The Year of Re-Engaging Restaurant Customers

April 2, 2024 | blog | By Jenna Oliver

2024 will be one of the most challenging years in recent history to run a restaurant.

As a restaurant owner, you’re facing loss to your bottom line through every expense on your budget sheet. As costs of labor, food, rent, and swipe fees increase, you’ve been forced to pass some costs along to the consumer.

On the flip side, from the guest’s point of view: Prices at restaurants continue to climb more rapidly than those at grocery stores, and customer service has diminished. Consumer confidence is at a record low (i), credit card debt is at its highest rate in 20 years (ii), and 70% of consumers say it’s too expensive to have “fun” (iii). They feel they’re paying more for less. And with more choices than ever as new restaurant openings proliferate (iv), the battle for share of stomach is as aggressive as it’s ever been.

In 2024, consumers are demanding a better restaurant experience — or going elsewhere to find it.

Where’s the hope in all this?

We believe that restaurants will always maintain a vital role in the well-being of society. Even within a hyper-digitized economy, people still need tangible community. Restaurants exist to create joyful experiences and help fill the human need for connection. So when we attended the 2024 GuestXM Best Practices Conference recently, we did so looking for learnings that can help our clients continue to do just that. As takeaways from the conference, here are three principles for restaurant success in 2024.

1. Make dining with you “worth it.”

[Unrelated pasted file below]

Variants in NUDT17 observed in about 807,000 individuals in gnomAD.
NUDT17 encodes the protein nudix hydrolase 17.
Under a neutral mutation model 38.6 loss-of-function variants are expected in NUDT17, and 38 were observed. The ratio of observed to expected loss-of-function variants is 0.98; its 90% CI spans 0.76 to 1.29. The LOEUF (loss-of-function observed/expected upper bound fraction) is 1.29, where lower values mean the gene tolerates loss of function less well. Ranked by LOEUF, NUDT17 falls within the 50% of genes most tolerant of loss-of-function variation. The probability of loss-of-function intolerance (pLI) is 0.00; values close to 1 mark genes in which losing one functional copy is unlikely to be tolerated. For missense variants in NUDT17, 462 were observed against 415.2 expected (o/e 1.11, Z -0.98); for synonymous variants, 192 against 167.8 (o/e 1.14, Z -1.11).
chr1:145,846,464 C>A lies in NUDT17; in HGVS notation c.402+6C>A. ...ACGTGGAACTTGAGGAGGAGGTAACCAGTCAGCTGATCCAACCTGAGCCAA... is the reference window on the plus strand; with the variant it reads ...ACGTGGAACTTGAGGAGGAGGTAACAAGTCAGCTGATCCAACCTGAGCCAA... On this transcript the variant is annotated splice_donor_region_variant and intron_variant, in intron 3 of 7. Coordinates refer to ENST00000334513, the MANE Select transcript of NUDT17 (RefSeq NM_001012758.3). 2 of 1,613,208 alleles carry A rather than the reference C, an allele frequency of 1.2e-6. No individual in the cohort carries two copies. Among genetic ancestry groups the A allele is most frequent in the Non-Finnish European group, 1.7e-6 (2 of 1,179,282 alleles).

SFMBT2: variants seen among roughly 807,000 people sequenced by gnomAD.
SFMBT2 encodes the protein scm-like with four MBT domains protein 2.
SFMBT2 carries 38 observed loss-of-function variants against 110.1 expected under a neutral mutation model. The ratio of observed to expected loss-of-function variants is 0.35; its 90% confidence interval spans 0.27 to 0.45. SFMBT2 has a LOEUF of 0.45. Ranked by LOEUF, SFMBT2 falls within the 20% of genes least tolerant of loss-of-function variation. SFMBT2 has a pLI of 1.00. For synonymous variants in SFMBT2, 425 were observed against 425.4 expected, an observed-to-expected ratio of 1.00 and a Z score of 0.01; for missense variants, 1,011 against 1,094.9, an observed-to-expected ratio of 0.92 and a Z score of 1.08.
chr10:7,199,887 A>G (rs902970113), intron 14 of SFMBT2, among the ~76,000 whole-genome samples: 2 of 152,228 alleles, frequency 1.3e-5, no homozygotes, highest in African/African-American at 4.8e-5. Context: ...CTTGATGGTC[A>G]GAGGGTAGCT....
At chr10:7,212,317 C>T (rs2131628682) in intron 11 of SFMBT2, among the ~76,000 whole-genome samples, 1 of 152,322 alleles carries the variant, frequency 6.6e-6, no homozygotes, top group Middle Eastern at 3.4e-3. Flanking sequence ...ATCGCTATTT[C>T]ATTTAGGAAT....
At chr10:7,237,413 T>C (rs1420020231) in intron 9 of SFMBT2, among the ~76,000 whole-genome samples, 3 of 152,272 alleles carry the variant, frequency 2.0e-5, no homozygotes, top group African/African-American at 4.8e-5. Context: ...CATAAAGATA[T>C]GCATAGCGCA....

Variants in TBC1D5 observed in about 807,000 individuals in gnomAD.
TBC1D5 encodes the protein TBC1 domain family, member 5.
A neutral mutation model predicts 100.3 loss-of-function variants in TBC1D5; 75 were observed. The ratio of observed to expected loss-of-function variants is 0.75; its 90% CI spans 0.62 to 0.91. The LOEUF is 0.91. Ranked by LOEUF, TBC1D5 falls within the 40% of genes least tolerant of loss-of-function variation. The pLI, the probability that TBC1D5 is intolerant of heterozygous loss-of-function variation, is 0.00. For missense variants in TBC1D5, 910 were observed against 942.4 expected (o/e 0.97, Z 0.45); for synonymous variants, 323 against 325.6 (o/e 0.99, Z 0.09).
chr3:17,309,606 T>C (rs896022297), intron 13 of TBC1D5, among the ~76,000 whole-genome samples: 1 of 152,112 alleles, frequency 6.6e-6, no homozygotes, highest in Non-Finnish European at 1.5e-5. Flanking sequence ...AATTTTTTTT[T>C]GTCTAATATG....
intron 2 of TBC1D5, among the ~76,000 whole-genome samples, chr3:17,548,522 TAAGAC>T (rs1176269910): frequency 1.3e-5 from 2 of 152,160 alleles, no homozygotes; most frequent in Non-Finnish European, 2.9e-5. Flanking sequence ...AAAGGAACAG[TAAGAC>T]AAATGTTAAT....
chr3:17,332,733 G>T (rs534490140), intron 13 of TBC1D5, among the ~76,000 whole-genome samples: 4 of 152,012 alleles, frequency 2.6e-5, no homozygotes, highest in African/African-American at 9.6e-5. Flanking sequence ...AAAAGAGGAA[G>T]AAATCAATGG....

Here’s an “ouch” for any restaurant owner: Only 33% of consumers say their last restaurant visit was “worth it” (iii). The main issues? The unprecedented cost of dining out coupled with a decline in hospitality, quality, and consistency.

According to GuestXM, 52% of limited-service customers and 47% of full-service customers report feeling somewhat to extremely surprised by check totals when they dine out. During her session, Lisa W. Miller — consumer insights and innovation strategist, and author of THE BUSINESS OF JOY — spoke to this, saying nearly 2 out of every 3 consumers polled said prices have gone up “too much.” (iii)

Given that restaurants with lower PPA/PTA growth experienced a 1 pt advantage on comp traffic (iv) as compared to those with higher PPA/PTA growth, not only are customers frustrated with rising prices, but they’re changing their behavior as a result.

All the talk of price becomes exhausting, we hear you. But the value equation for guests is not just about cost. Providing a “worth-it” experience is about what customers receive for their money, and ultimately what they want is trust, connection, comfort and abundance. (iii)

• Trust: Consistent food quality
• Connections: Friendly and prompt service
• Comfort: Clean and comfortable environment
• Abundance: Enough food for the money + discounts

Consumers are looking for hospitality in all senses of the word. An analysis of full-service restaurants’ online reviews showed that restaurants with a higher positive to negative hospitality mention ratio achieved nearly 2 more comp traffic points and .7 more comp sales points. (iv)

When it comes down to it, consumers believe they’re paying more at restaurants for less than an ideal experience. Restaurants that defy this belief by going above and beyond to deliver quality food and outstanding service re-establish trust in restaurants through consistency, and identify surprise and delight opportunities that create memorable joy will be the ones to win the fight for traffic.

2. Evolve with conviction.

As Velvet Taco CEO Clay Dover aptly stated in one of the event panels, “There’s a difference between evolving and floating around. You must have a strong conviction about the moves you make.” Brands leading the industry know wholeheartedly what they stand for and who they serve. They aren’t jumping on marketing bandwagons; they’re listening to what their customers want and then delivering on it.